According to the latest debt collection rule from Consumer Financial Protection Bureau (CFPB), debt collectors — which, in some cases, applies to mortgage servicers — now have the green light to communicate with borrowers via social media.
The new rule, which went into effect on November 30, is an update to the Fair Debt Collection Practices Act (FDCPA) and allows debt collectors to reach out to borrowers through social media accounts as well as through email and text messaging.
Mortgage servicers who service loans on someone else’s behalf, like subservicers, and servicers who acquire mortgages already in default, are considered debt collectors under this statute.
But the details surrounding the new debt collection update have left many in the industry wondering if the risks of communicating with borrowers via social media outweigh the potential benefits.
As I recently explained to HousingWire, I see this new rule as a first step to bring the FDCPA from the ‘70s — when the rule was first put in place — into the 21st century.
But while it’s a step forward, it’s still a small step. The CFPB has allowed these new methods of borrower outreach, but how actionable are they really?
Social Media Borrower Outreach: Better in Theory than Practice?
Some think that engaging with borrowers on social media is still too risky. The rule uses subjective language, which has some feeling wary in light of the new administration’s more hard-line regulatory approach.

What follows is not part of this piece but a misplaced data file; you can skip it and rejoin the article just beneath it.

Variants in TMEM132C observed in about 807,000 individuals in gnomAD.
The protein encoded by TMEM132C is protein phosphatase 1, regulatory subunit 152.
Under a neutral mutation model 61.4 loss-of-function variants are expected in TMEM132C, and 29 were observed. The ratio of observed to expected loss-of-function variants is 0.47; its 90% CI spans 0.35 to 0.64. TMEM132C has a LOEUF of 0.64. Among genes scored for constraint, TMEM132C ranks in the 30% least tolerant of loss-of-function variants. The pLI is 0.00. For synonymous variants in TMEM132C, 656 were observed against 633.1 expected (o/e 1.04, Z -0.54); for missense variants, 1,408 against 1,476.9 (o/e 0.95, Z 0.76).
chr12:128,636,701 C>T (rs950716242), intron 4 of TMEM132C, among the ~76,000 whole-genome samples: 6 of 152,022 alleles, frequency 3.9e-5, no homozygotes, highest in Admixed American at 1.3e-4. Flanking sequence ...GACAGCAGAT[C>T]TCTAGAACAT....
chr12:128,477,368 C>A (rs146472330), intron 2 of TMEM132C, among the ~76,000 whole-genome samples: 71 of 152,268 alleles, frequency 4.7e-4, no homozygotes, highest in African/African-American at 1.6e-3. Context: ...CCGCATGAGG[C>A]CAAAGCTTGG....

As Consigliera founder Courtney Thompson put it to HousingWire, “servicers are struggling to digitally communicate with consumers at all,” much less through social media.
And the new rule comes with other challenges, like the new seven-day rule, which prevents debt collectors from calling a consumer more than once in a seven-day period. Our system of record, LoanServ, has already implemented a contract tracking feature to ensure that servicers are accurately tracking their consumer touches in compliance with the new rule.
Even so, I think we’re still a ways off from seeing servicers regularly using social media to reach out to collect from consumers. The key problem lies in the lack of reliable identity verification processes that would enable servicers to be confident they were reaching out to the intended consumer.
As I explained to HousingWire:
You have to be really sure it’s the right person on Instagram, because otherwise you can get in a lot of trouble. Is it worth the risk of trying to collect on a debt, only to end up revealing info that shouldn’t have been revealed?
Until servicers can figure out a reliable way to verify consumer identities through social media, I doubt we’ll see them utilize this method, instead sticking to their tried-and-true phone, text, and email outreach methods.
For more on how Sagent is helping our servicers comply with the latest FDCPA changes, fill out the form below or hit me directly at Matthew.firstname.lastname@example.org with all your compliance questions.